Itís hard not to sympathise with Capt Anjum Chabra, 28, whose rap song on Air India has gone viral on YouTube after it was uploaded on February 13. In case you havenít seen the video, it starts with Chabra, an impish, Virat Kohli lookalike, putting on his uniform and then receiving a call that his flight has been cancelled. Yet again. This prompts the frustrated pilot to launch into a hilarious but pretty vicious rap on the airline union, corrupt bosses and aviation industry in general. Sample these lyrics: ďIím working Air India, I am in India, but not in the airĒ, ďIs there anyone here whoís got some extra money to spare?Ē
I suppose, at one level Chabraís expletive-ridden rap song can also be seen as an anguished cry for help over chronic mismanagement, repeated bungling and the growing sense of desperation that seems to have enveloped Air India staff.
But the rapper-pilotís crazed rant, however true, is absolutely shocking and, in the private sector, Chabra would be sacked immediately and deemed unhireable in the aviation industry anywhere in the world after pulling a stunt like this. Say what he may about Air India, it also remains the only airline in the world which might just excuse such gross indiscipline. If heís so fed up, whatís stopping him from quitting? The fact is that Air India still remains his best option, considering the number of pilots waiting in the wings for jobs nowadays. Chabra has a pretty lame disclaimer at the beginning of the rap song and he does say repeatedly through the song that he loves the airline and his colleagues, but goes on to berate them anyway. Not surprisingly, his song hasnít gone down well with the aviation ministry. Theyíre currently going through his track records and Chabra has since, unconditionally apologised and promised to take down the video.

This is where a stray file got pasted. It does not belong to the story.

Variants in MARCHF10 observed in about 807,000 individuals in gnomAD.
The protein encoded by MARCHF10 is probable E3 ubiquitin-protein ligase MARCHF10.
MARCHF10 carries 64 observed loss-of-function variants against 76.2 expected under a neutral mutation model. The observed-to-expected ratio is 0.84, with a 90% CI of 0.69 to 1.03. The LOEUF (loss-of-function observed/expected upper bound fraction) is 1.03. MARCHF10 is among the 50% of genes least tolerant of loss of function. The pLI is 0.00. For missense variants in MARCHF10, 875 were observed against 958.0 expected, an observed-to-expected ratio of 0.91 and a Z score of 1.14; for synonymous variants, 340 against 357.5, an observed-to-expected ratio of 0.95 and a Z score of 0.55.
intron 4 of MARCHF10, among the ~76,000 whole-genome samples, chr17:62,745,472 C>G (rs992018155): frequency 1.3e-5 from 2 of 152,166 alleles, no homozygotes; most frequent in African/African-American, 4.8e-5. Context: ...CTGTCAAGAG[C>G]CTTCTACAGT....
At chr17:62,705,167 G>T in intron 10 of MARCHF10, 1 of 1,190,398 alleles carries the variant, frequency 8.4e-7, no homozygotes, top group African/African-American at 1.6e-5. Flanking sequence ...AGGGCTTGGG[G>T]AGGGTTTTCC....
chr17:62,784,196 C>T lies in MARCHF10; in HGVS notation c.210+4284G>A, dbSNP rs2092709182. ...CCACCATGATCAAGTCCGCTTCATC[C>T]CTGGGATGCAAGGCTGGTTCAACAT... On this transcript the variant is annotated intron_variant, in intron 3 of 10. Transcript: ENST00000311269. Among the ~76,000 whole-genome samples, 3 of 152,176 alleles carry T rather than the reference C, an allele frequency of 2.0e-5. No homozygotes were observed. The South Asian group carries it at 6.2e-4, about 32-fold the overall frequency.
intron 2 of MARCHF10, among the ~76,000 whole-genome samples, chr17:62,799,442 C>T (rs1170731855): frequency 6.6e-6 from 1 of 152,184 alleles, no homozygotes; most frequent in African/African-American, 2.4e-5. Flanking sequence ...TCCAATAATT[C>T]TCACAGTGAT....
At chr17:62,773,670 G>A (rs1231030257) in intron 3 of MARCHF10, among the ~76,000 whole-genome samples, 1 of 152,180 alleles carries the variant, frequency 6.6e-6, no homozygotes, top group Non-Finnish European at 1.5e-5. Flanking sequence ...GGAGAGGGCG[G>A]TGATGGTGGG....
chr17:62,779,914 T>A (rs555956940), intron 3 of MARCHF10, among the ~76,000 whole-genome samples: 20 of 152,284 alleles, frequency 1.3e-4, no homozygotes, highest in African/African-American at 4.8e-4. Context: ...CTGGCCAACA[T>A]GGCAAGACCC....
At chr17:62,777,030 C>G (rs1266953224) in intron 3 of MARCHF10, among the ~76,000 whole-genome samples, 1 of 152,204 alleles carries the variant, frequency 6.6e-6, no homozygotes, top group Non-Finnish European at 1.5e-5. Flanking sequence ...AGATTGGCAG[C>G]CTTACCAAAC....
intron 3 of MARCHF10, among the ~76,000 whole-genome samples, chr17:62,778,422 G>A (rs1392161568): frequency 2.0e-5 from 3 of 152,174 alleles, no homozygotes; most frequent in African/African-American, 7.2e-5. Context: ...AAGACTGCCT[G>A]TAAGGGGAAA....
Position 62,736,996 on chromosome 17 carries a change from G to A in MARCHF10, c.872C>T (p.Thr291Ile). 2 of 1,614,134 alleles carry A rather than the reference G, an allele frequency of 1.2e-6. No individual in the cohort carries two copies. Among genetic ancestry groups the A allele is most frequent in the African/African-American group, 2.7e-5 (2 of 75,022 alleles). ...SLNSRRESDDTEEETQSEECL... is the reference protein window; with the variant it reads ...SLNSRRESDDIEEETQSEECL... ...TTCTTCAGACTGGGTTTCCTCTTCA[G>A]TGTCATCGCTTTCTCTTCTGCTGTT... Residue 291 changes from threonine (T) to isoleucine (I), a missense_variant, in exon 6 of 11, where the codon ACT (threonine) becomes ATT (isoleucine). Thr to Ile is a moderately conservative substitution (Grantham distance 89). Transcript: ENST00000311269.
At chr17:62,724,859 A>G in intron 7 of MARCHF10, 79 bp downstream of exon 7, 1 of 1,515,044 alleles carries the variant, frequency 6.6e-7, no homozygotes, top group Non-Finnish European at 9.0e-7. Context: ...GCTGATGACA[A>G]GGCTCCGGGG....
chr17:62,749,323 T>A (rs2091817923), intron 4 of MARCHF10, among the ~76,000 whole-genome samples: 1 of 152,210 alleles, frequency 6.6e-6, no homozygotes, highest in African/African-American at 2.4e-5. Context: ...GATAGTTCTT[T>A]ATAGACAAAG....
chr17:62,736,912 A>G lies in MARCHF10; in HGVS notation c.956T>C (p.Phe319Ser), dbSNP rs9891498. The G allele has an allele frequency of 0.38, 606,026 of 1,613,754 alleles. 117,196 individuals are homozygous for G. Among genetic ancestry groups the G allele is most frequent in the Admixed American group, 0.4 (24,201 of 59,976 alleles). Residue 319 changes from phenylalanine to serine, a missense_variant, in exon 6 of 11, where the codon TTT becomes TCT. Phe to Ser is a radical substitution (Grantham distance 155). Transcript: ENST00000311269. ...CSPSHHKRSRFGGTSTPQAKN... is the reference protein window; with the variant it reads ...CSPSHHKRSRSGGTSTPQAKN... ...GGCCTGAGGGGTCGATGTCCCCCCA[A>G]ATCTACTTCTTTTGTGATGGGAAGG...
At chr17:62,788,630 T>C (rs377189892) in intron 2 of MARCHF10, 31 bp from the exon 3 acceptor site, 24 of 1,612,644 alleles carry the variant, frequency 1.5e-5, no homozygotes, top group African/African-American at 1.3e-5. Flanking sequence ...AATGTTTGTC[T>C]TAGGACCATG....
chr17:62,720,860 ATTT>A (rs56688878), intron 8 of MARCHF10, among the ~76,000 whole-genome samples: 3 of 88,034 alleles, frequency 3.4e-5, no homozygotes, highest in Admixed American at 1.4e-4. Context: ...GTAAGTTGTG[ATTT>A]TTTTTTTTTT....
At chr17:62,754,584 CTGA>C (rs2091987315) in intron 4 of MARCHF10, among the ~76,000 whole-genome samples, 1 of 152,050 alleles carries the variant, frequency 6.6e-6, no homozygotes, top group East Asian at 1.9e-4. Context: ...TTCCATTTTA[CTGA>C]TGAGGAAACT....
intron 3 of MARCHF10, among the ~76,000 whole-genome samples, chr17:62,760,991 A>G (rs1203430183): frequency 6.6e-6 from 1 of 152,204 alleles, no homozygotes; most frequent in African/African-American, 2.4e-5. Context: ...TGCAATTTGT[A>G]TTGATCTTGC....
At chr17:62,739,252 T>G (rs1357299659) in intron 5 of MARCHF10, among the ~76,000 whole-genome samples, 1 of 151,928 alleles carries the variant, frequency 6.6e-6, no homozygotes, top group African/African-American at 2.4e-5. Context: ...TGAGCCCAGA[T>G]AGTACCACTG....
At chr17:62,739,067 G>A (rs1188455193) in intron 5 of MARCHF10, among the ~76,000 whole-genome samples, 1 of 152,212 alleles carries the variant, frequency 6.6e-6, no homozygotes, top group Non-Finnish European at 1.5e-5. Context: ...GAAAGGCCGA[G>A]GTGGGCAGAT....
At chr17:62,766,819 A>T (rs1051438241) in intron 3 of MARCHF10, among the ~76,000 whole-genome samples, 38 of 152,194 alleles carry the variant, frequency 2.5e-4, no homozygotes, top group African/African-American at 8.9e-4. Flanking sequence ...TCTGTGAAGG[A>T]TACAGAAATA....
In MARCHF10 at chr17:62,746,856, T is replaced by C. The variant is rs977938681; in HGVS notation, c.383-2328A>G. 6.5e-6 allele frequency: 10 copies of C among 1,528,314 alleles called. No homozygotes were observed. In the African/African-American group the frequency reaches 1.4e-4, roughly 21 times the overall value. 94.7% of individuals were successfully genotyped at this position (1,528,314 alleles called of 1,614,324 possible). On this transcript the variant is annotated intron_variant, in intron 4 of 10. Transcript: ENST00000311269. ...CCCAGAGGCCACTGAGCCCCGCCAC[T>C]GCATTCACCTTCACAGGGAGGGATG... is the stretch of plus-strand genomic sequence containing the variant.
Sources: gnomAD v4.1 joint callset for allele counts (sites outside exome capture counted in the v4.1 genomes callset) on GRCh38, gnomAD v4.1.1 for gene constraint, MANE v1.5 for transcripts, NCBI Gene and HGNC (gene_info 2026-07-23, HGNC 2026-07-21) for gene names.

The damage is done. ďAir India pilot rapĒ has received 1,20,566 hits on YouTube already. Itís never a good idea to publicly bad-mouth or antagonise your employer. Most of the time you need them a lot more than they need you. Most of us in the private sector donít belong to unions and, while we may live in a democracy, weíre virtually powerless when it comes to fighting whatever tyranny or rules a big company has in place. Chabra probably has an alternate career as a musician or something else worked